The number of people choosing mediation to solve their family disputes is still lower than it was before LASPO, new figures reveal.
Since the introduction of the Legal Aid, Sentencing and Punishment of Offenders Act (LASPO) in April 2013, there has been a notable drop in the number of ‘mediation starts’. These are family disputes in which the parties have begun the process of mediation in order to come to a resolution.
While figures from the Ministry of Justice show a 20 per cent rise in the number of people taking this option in the third quarter of the year, the total number of starts is still 46 per cent lower than it was before LASPO came into effect.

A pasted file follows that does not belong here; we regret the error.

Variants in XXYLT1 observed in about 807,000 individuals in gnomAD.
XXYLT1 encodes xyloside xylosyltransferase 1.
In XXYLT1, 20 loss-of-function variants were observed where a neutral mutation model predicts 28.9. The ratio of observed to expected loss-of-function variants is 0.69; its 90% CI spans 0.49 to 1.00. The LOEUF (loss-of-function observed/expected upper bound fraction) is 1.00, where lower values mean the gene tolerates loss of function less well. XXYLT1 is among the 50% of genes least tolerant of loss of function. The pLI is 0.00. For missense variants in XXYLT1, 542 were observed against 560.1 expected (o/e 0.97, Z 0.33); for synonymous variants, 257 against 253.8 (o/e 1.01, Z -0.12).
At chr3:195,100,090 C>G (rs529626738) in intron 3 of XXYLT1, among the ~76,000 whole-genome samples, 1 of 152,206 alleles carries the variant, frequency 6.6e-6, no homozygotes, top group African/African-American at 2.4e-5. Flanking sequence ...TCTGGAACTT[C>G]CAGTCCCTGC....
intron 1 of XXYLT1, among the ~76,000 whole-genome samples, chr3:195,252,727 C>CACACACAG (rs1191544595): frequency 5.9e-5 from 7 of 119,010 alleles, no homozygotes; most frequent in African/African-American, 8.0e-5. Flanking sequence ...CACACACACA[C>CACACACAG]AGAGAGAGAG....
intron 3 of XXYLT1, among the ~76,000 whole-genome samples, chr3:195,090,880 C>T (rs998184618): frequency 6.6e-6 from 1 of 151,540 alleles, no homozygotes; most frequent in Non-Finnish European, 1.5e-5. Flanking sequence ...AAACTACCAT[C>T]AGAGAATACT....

According to the new statistics, legal aid for family cases is also down. There was a four per cent drop in the number of cases involving legal aid between July and September.
When LASPO was implemented, legal aid for family cases was eliminated except in cases where there is proven domestic violence. It is still possible to apply for “exceptional case funding” in order to secure legal aid.
However, the latest figures show that out of 130 applications for such funding, only five were granted. Ninety-two applications were refused and a further 31 were rejected. The remaining two applications were still awaiting a decision upon the report’s publication.
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